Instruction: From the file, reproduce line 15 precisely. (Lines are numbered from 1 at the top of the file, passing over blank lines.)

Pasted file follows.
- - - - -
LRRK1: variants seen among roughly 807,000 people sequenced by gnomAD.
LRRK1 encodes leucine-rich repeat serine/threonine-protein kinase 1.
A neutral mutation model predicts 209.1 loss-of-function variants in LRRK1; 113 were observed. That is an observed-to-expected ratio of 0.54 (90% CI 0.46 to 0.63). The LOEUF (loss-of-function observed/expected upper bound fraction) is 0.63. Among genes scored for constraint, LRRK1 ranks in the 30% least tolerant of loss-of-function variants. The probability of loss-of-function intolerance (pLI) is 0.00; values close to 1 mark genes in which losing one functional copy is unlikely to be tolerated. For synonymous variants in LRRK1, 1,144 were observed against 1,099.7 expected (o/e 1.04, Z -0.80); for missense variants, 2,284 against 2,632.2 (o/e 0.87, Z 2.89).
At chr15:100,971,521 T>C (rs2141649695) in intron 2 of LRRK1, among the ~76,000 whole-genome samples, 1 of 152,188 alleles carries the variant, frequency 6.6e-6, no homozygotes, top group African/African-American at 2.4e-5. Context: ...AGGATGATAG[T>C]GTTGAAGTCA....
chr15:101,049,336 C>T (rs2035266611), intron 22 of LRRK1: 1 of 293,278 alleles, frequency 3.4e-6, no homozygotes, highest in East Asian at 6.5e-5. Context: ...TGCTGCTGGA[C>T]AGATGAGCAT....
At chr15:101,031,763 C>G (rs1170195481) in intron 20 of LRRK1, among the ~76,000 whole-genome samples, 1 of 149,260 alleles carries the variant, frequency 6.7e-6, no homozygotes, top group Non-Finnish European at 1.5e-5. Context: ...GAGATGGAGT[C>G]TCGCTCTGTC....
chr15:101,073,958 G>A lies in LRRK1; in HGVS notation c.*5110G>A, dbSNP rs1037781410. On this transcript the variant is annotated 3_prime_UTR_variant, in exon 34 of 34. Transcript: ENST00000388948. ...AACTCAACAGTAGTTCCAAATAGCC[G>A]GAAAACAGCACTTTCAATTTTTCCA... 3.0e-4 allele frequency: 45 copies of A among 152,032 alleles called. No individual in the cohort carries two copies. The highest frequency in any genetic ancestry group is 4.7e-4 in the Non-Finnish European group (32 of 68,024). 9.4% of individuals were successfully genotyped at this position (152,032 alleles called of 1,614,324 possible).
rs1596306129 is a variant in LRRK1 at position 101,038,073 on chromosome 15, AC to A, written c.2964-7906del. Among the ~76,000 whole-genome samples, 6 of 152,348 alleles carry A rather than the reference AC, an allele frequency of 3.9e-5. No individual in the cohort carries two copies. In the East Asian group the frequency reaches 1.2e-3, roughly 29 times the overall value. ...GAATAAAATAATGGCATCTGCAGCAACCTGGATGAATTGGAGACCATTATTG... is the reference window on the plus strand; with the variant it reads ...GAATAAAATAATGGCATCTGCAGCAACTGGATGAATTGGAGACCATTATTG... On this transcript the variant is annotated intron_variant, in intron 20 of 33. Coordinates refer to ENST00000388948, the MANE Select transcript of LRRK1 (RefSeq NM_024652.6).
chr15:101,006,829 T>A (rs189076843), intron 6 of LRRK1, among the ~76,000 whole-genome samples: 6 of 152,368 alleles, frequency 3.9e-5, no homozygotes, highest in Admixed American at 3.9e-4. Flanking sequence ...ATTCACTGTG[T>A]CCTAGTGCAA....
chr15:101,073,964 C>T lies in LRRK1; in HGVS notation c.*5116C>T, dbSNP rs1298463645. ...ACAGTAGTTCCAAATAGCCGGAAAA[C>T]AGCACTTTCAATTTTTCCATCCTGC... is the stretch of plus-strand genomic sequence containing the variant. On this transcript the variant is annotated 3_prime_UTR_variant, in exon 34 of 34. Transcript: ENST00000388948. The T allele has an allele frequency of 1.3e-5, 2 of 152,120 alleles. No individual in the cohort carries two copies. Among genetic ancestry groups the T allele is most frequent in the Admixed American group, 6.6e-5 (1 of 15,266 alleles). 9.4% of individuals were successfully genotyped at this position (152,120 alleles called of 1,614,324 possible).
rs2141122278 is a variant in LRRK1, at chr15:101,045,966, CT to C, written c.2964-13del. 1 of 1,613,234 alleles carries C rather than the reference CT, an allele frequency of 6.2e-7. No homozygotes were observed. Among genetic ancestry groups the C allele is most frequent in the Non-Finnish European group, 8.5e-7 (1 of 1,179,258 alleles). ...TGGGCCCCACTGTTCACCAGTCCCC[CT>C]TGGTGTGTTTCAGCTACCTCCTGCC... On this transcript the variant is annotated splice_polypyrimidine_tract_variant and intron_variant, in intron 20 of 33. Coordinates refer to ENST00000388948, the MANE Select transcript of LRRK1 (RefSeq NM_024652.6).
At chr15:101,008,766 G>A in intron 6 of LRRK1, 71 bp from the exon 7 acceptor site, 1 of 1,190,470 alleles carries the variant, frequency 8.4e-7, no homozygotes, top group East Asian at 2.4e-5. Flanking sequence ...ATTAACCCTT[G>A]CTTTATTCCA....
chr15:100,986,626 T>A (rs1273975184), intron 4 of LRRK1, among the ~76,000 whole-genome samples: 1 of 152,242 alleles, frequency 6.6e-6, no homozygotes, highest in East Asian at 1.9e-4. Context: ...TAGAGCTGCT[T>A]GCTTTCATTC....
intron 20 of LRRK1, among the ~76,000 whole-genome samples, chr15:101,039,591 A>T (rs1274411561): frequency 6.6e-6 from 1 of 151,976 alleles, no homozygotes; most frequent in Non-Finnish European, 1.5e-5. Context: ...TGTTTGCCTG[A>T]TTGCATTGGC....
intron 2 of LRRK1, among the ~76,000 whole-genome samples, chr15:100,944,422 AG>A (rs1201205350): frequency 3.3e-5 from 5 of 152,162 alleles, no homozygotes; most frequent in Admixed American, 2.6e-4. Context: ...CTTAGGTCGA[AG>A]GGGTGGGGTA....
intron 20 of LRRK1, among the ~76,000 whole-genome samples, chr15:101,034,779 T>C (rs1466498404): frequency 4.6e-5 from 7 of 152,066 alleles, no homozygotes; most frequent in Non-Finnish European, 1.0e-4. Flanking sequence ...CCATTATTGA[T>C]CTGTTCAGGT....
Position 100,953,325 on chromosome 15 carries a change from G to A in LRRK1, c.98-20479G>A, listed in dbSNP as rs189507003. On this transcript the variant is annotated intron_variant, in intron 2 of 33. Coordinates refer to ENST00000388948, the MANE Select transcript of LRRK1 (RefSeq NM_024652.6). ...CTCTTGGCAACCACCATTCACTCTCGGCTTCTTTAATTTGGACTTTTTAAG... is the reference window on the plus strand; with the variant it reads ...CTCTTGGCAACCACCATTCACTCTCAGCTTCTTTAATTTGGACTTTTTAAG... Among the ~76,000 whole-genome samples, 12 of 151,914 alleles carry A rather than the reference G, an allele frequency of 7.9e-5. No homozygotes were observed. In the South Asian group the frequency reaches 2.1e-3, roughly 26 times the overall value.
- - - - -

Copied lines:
intron 2 of LRRK1, among the ~76,000 whole-genome samples, chr15:100,944,422 AG>A (rs1201205350): frequency 3.3e-5 from 5 of 152,162 alleles, no homozygotes; most frequent in Admixed American, 2.6e-4. Context: ...CTTAGGTCGA[AG>A]GGGTGGGGTA....